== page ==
Inspired by his friendship with Nicolas Poussin, whom he met in Rome in 1623, Jacques Stella became one of the foremost practitioners of the French classical style in painting. The present work demonstrates the impact that Italian art had on his work, following his sojourn to Florence in 1616-22. During that formative stage of his development, he was employed by Cosimo II de Medici, and encouraged to produce jewel-like paintings, following in the Florentine tradition, that were executed in a highly polished manner on marble, slate, lapis lazuli, or copper supports. He continued to work in this style, producing small precious paintings both in Rome and in Paris following his return to France in 1635 when he entered the service of the Cardinal de Richelieu. He was decorated with the Ordre de Saint-Michel, a great honor for a painter, and awarded the title Peintre du Roi which was accompanied by a rich pension and an appartment in the Louvre.
The present painting owes as much to the influence of Raphael as to French Classicism (see, for instance, The Madonna of Foligno, the Vatican Museums, Rome). Its carefully finished, refined style was enormously popular in Stella's lifetime. It is extremely close in execution to his signed Holy Family, also painted on slate, which was acquired by the Cherbourg Museum from an old Lyonnais collection (see G. Chomer, Jacques Stella 'pictor Lugdunensis', Revue de l'Art, 47, 1980, p. 88, fig. 9), and can further be compared to the Holy Family of circa 1630 sold at Sotheby's, London, July 5, 1984, lot 387 (£18,000 = $24,000).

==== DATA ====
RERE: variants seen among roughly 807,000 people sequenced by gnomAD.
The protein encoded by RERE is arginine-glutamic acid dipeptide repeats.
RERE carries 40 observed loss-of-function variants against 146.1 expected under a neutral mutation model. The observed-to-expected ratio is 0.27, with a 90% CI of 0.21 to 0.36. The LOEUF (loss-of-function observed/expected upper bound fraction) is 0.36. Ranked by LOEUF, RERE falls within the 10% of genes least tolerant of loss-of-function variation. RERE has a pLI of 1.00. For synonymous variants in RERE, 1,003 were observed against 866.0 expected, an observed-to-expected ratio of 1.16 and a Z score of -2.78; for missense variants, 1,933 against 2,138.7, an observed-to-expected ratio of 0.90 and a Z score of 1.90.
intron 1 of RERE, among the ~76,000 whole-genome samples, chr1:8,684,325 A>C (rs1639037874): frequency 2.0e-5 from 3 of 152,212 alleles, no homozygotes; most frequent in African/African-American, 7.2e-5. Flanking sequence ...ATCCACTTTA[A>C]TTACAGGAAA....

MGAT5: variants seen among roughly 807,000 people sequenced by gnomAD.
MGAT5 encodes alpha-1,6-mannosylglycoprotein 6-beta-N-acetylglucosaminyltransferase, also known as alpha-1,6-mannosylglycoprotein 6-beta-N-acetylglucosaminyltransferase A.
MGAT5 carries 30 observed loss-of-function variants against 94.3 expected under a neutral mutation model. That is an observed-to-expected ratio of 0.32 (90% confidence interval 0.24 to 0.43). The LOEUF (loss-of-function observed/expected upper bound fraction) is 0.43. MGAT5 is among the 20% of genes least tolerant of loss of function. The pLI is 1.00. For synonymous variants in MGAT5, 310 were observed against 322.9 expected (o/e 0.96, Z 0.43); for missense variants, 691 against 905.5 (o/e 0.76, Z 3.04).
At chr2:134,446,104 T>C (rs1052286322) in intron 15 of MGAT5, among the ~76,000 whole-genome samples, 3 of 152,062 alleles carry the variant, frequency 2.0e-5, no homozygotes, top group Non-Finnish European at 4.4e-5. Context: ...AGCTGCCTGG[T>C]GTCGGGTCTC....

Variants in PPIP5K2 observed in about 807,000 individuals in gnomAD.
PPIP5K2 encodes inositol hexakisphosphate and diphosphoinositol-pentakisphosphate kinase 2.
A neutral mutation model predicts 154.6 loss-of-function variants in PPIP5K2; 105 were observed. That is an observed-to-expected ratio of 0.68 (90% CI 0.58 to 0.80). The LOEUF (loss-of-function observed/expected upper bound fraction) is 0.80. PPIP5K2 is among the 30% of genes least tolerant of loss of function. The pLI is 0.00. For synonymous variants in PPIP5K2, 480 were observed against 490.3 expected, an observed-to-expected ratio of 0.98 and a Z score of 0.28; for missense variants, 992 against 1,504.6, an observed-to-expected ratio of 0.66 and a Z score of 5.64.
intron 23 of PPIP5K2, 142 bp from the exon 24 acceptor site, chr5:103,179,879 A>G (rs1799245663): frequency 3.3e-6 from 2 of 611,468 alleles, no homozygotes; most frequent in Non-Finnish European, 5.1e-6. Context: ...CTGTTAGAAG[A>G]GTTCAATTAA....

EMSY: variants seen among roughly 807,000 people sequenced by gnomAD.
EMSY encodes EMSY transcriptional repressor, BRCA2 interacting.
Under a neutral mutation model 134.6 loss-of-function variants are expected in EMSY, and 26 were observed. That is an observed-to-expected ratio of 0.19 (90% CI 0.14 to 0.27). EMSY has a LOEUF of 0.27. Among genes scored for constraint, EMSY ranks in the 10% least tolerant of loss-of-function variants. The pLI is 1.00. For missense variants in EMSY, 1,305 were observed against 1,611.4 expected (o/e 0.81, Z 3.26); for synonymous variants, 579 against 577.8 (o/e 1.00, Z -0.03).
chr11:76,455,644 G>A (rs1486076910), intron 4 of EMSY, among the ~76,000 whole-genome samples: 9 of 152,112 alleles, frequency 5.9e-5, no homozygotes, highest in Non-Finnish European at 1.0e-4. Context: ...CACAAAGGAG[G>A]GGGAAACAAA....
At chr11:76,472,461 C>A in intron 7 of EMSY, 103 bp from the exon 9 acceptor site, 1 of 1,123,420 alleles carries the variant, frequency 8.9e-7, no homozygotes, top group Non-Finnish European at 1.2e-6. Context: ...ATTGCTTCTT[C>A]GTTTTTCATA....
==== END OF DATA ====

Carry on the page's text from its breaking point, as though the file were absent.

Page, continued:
In a Louis XIV carved giltwood frame.